When playing the piano by ear, the exciting part is that the pianist can play the song different each time through, therefore breaking up the monotany, which in returns makes the music more appealing. One way to do this is using the Chord over Chord/Octave Technique. This technique is done by playing a certain chord (such as G major) on the right hand and a different chord (such as Em) on the left hand. Another variation is to play the root octave on the left hand as opposed to playing the chord. In this instance, the pianist could play either E octave or Em chord at the same time he/she plays the G chord on the right hand.
The chord change would be written as “G/Em" if the chords were used on each hand or “G/E" if the right hand is playing a chord (G) and the left hand is playing an octave (E). Since the right hand is usually playing a higher pitch, it's chord is listed first to indicate it is over the left hand, in pitch that is. The chord change “G/E" would be called G over E.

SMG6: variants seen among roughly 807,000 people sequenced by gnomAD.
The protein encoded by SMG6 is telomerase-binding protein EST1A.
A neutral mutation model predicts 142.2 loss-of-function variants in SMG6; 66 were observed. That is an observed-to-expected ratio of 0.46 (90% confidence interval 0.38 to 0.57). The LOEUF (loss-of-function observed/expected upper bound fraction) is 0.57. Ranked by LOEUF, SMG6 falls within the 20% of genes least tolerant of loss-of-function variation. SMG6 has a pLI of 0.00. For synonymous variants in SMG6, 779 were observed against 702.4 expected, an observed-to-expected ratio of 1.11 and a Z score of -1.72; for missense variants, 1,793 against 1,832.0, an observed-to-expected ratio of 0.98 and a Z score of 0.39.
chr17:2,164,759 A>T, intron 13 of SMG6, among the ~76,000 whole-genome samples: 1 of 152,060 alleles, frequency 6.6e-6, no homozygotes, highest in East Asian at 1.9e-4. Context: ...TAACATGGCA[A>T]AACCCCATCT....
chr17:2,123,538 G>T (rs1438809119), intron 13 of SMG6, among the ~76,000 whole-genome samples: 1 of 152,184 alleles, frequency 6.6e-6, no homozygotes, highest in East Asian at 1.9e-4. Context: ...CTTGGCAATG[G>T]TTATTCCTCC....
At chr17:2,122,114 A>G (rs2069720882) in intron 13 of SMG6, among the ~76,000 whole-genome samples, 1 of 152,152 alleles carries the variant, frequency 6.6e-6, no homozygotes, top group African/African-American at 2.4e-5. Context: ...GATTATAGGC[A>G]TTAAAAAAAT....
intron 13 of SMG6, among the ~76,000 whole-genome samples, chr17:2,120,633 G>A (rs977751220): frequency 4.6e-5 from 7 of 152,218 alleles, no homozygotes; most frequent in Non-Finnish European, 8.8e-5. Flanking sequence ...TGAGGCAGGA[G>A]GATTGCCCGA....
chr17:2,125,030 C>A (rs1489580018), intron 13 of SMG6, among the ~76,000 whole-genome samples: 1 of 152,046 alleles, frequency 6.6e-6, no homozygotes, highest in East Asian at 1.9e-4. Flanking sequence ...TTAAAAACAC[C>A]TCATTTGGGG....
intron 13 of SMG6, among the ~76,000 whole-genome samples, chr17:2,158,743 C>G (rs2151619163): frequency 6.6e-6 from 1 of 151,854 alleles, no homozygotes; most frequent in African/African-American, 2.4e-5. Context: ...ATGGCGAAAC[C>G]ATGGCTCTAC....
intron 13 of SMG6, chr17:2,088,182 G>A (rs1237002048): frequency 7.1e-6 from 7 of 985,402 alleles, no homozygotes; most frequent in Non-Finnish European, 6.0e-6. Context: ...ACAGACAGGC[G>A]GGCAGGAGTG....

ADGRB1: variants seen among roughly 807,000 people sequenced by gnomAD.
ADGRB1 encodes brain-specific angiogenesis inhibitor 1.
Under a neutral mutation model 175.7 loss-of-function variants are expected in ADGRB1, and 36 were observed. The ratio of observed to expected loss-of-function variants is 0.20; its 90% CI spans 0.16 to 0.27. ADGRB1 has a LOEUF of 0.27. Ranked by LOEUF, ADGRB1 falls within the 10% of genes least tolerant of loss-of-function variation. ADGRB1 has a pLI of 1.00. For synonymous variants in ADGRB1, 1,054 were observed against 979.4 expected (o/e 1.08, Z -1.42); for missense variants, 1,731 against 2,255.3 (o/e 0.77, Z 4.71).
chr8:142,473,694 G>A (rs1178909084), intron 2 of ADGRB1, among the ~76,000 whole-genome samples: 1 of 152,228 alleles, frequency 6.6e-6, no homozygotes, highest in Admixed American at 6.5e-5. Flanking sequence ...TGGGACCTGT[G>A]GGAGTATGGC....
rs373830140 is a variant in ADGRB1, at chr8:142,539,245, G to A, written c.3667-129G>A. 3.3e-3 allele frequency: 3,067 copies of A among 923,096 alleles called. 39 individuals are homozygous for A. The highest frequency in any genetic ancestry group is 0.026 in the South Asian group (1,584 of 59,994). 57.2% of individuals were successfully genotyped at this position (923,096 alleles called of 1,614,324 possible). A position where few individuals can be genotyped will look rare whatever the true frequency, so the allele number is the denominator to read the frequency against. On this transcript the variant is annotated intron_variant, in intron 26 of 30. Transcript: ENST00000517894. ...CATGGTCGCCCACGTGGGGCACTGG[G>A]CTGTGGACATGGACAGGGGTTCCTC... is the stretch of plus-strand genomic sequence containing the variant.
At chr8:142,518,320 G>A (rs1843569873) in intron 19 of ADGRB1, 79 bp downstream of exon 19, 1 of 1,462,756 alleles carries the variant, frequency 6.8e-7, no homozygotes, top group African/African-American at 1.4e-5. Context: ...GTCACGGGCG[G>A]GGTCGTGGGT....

This creates a fuller sound. Normally, the change would be Em in the song, but using the previously explained technique one would obtain a much more fuller sound. Playing Em is acceptable, but playing G/E the next time you come to the same chord change creates a fuller and “different" sound.
The chord change “G/E" and “G/Em" is actually a split of the chord Em7.
To determine where this chord might be placed in a song, feel free to email me at email@example.com
To view a complete biography for Matthew Stephens visit http://www.thepianobyear.com !